Ford’s ’73–79 F-Series just won’t quit
Ford has no shortage of nameplates that get enthusiasts going. Mustang and GT40 are the obvious standouts, while the utilitarian Bronco is not far behind. That said, there’s another, more workaday model that’s captured our attention and is lighting up the value charts: Ford’s venerable sixth-generation F-Series.
In 1977, these trucks grabbed the pickup sales mantle for Ford, and the F-Series hasn’t looked back since. (Coming from a GM family, I’m obliged to point out there have been more than a couple years during that period when sales of the GMC and Chevy twins have together beaten those of the cross-town Ford; the Blue Oval only “wins” because GM’s trucks are technically two different models. But I digress.) Taking a conservative approach by using much of the same underpinnings as the previous generation, these “Dentside” Fords—so named for the indentation running the length of the body—were nonetheless a smash hit and rounded out the Ford truck hierarchy as we now know it.
Additional bed options (and a longer wheelbase) for the workhorse F-350 model were available from the generation’s debut in 1973, and the now-ubiquitous F-150 debuted in 1975. Trim levels changed over the course of the seven-year model run but included Custom, Ranger, Ranger XLT, and Ranger Lariat. The Lariat was about as decked-out as you could option a pickup then, with two-tone paint and a plush interior. As you can see from the brochure below, a variety of cabs, bed lengths, and bed styles met a broad swath of consumer needs.
Ford put an array of engines under Dentside hoods over the course of its seven-year production run: 240- and 300-cubic-inch sixes plus 302-, 351-, 360-, 390-, 400-, and 460-cubic-inch V-8s gave buyers plenty to choose from. For those who are shopping for these trucks today, engine differences make for slight variations in valuation, but while a 460 gets you bragging rights, there are worse things than tooling around with a 302 or a bulletproof Ford six-cylinder.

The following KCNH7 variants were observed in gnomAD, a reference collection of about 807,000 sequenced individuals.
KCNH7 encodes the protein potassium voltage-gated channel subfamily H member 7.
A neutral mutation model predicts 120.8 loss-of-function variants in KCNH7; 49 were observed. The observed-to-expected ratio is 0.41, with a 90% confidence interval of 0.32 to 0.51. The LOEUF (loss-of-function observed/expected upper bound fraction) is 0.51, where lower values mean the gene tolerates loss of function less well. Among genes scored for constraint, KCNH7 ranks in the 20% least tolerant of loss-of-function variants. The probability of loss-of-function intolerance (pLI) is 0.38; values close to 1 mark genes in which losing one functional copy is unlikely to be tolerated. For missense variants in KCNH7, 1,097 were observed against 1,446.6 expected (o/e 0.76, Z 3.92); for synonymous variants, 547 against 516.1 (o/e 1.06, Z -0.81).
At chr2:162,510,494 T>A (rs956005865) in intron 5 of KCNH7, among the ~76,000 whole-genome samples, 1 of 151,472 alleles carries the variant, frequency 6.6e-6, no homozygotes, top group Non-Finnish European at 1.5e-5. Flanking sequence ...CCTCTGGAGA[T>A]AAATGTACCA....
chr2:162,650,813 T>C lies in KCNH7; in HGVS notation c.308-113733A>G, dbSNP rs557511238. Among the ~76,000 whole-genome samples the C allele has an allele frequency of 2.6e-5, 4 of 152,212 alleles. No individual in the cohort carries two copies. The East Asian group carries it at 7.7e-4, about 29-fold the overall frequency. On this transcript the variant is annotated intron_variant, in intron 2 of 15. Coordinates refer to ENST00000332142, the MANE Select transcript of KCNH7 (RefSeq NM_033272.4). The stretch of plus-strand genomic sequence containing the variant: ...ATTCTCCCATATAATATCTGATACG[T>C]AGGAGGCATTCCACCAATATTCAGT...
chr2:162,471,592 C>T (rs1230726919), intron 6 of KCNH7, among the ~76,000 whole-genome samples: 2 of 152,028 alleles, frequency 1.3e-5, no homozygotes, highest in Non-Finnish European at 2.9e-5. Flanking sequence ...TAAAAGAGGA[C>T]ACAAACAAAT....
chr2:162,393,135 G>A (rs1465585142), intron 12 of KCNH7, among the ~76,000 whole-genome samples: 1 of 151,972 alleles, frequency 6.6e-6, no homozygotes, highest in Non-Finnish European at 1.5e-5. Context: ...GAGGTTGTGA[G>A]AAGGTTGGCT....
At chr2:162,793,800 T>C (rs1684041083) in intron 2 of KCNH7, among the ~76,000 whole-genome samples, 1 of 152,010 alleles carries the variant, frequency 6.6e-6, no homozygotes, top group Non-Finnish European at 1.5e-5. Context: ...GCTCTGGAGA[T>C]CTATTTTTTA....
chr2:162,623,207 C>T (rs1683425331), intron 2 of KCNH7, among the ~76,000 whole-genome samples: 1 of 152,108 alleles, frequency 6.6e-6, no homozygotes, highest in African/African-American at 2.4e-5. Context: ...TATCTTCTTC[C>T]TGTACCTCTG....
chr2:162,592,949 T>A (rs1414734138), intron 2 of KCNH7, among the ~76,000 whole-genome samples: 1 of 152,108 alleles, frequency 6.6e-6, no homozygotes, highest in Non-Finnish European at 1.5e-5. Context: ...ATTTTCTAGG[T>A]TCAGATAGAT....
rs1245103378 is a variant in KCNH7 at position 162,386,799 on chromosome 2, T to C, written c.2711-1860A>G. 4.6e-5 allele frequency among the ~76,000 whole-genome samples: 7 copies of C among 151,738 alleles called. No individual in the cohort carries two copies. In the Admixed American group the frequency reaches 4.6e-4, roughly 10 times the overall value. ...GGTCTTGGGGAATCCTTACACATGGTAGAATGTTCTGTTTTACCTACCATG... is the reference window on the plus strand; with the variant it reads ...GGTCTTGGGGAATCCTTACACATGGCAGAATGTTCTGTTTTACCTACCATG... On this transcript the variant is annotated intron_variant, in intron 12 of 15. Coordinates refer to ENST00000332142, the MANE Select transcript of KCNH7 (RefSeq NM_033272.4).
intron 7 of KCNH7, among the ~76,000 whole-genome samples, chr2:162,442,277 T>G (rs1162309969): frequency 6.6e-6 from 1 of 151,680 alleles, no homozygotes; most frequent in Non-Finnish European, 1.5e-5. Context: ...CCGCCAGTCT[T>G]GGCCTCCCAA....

The exterior of these rigs benefited from extensive use of galvanized steel and rust-resistant coatings. Ford updated the Dentside F-Series’ look with mild tweaks to the grille in 1976 and again in 1978—this, along with the constant updating of engine and trim levels, helped keep the platform feeling fresh, even though it dated back to 1965.
Ford’s cover-all-bases approach (covered in great detail in our recent buyer’s guide on the Dentside) was a success then, and the truck is seeing renewed popularity now. That’s not just a generalized, pandemic-era-raised-all-prices statement, either—the sixth-gen F-Series is actually ticking up in value as the market has begun to come back down.
The rise of SUVs and old pickups as collector vehicles is nothing new, and Ford’s original Bronco was among the first to see values jump. As six-figure prices for Bronco or FJ40 Toyota Land Cruisers got people used to the idea that ’60s and ’70s collectibles weren’t limited to muscle and sports cars, values slowly began to rise for that era’s pickups as well.
Fast forward to now. Though the early darlings of the collector truck movement have lost some steam (#2-quality, Excellent condition first-gen Broncos are down 13 percent for the original Bronco in the last year, and FJ40 values are down just under ten percent), a similar condition F-150 4×4 with a 351-cubic inch engine is up 20 percent over the same period. The same F-150 in #3 condition is up nearly four percent.
The Dentside fares well against its contemporaries, too. Equivalent Dodge W- and D150 models (which are near to my heart after helping my cousin restore his—check out that story here) have been flat over the last year, and can be had for ten to twenty grand less depending on condition. Chevy’s K10 half-ton tracks the Ford more closely—it’s up nine percent for #2 and #3 conditions, though it’s still thousands cheaper than the Dentside.
The F-Series benefits from a very healthy set of buyer demographics. Younger buyers represent a full 40 percent of the market, while Gen X and baby boomers retain healthy shares as well. These trucks are nearly universally appreciated, and that pattern suggests they’ll continue to have a positive valuation outlook.
Are there more affordable classic trucks out there? Yes, there are. But if you love the ’73–79 F-Series’s looks and are good with a driver-quality example (you are going to use your classic truck as a truck, right?), you can still find decent examples in the teens. Besides, given how well-liked they appear to be across all ages, you’re likely to get out what you put into it. That’s the value of a good name.